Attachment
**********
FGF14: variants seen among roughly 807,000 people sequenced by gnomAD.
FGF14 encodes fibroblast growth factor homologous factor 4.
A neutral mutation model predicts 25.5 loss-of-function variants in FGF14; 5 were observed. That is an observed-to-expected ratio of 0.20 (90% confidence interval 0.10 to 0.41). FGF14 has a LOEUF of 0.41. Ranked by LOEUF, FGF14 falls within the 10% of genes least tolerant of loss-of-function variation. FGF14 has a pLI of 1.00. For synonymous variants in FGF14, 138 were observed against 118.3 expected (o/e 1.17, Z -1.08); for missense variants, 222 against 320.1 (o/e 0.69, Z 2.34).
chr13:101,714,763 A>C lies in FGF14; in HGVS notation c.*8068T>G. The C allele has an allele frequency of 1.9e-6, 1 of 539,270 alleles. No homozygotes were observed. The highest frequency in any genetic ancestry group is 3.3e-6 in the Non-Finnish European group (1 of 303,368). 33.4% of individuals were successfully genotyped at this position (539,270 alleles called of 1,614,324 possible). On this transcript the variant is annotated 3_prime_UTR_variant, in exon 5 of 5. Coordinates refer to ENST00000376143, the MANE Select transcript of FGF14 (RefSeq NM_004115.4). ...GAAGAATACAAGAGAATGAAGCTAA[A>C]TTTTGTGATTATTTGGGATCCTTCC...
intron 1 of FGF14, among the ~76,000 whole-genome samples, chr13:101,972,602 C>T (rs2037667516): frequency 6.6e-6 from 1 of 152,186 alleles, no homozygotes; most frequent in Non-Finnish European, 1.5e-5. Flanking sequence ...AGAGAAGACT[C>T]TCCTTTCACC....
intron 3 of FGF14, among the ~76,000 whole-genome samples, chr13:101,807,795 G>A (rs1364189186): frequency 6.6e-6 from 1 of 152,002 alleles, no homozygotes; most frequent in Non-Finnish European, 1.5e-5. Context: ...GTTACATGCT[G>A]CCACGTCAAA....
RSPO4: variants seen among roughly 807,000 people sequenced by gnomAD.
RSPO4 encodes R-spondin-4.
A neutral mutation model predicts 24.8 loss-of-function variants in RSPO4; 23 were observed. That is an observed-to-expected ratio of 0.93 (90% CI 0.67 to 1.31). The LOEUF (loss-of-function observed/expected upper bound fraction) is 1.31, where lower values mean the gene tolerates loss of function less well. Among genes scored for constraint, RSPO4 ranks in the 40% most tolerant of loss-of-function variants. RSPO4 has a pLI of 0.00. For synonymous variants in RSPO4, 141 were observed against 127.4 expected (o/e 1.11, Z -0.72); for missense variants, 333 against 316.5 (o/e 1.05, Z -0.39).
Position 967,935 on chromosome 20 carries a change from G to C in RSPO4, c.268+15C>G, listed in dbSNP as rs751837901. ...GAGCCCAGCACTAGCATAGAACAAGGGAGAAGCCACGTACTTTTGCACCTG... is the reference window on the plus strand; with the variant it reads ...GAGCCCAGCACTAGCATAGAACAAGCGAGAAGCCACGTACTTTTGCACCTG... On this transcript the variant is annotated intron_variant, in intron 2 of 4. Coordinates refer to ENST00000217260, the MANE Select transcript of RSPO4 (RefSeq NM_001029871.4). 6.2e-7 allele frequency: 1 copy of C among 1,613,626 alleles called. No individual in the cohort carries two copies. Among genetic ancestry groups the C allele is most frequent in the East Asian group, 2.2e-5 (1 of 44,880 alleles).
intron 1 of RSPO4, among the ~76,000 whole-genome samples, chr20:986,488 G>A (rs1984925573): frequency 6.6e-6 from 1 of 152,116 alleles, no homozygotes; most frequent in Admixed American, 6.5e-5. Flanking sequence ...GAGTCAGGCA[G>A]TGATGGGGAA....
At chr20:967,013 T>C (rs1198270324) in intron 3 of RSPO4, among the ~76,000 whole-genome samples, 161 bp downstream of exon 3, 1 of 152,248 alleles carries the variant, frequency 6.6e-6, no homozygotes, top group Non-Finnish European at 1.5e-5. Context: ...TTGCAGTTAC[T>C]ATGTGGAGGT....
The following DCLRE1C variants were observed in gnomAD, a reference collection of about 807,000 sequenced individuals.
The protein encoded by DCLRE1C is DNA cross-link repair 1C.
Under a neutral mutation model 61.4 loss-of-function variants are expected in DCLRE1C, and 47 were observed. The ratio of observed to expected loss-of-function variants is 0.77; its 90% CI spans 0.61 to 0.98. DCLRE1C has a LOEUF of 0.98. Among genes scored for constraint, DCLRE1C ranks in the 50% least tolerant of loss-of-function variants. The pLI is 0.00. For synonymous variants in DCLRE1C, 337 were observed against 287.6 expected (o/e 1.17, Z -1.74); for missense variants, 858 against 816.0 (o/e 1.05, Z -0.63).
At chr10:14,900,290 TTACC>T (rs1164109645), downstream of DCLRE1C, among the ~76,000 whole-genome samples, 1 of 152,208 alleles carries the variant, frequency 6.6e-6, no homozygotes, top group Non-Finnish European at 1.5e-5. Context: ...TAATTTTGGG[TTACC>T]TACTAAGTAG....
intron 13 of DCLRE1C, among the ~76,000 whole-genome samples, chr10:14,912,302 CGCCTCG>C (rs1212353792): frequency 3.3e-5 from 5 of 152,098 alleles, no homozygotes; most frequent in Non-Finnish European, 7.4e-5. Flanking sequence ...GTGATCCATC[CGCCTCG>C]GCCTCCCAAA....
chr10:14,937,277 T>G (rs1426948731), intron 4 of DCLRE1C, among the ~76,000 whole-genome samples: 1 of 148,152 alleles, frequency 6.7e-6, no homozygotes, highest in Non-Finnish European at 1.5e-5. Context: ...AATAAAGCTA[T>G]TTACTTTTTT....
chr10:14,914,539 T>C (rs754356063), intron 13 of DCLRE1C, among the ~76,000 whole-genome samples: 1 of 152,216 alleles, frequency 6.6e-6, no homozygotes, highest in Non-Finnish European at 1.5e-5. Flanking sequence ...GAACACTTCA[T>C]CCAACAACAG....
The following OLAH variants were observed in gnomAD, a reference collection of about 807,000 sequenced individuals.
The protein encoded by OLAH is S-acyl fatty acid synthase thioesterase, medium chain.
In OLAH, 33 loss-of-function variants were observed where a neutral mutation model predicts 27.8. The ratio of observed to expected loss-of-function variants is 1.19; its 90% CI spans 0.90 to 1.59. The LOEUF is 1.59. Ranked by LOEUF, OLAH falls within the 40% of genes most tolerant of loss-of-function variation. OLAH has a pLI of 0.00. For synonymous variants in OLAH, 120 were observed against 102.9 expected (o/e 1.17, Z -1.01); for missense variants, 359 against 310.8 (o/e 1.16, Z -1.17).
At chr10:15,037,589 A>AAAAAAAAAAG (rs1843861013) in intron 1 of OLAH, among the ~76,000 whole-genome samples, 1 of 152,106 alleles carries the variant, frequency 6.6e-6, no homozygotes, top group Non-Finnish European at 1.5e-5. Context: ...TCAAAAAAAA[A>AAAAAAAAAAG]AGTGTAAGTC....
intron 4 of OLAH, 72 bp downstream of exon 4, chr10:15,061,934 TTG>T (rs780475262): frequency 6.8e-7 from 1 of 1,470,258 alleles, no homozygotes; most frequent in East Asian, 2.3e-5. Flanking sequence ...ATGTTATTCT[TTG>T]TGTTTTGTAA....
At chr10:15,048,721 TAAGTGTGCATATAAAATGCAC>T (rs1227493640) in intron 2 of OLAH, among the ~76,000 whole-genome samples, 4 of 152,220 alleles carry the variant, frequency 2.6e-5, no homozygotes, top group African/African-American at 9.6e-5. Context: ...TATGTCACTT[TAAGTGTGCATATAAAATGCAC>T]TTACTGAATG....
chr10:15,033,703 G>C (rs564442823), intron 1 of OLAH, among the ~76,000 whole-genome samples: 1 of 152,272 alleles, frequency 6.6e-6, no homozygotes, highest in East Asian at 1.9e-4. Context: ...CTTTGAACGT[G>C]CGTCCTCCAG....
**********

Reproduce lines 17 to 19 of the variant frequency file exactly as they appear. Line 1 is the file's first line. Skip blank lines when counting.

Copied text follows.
intron 13 of DCLRE1C, among the ~76,000 whole-genome samples, chr10:14,912,302 CGCCTCG>C (rs1212353792): frequency 3.3e-5 from 5 of 152,098 alleles, no homozygotes; most frequent in Non-Finnish European, 7.4e-5. Flanking sequence ...GTGATCCATC[CGCCTCG>C]GCCTCCCAAA....
chr10:14,937,277 T>G (rs1426948731), intron 4 of DCLRE1C, among the ~76,000 whole-genome samples: 1 of 148,152 alleles, frequency 6.7e-6, no homozygotes, highest in Non-Finnish European at 1.5e-5. Context: ...AATAAAGCTA[T>G]TTACTTTTTT....
chr10:14,914,539 T>C (rs754356063), intron 13 of DCLRE1C, among the ~76,000 whole-genome samples: 1 of 152,216 alleles, frequency 6.6e-6, no homozygotes, highest in Non-Finnish European at 1.5e-5. Flanking sequence ...GAACACTTCA[T>C]CCAACAACAG....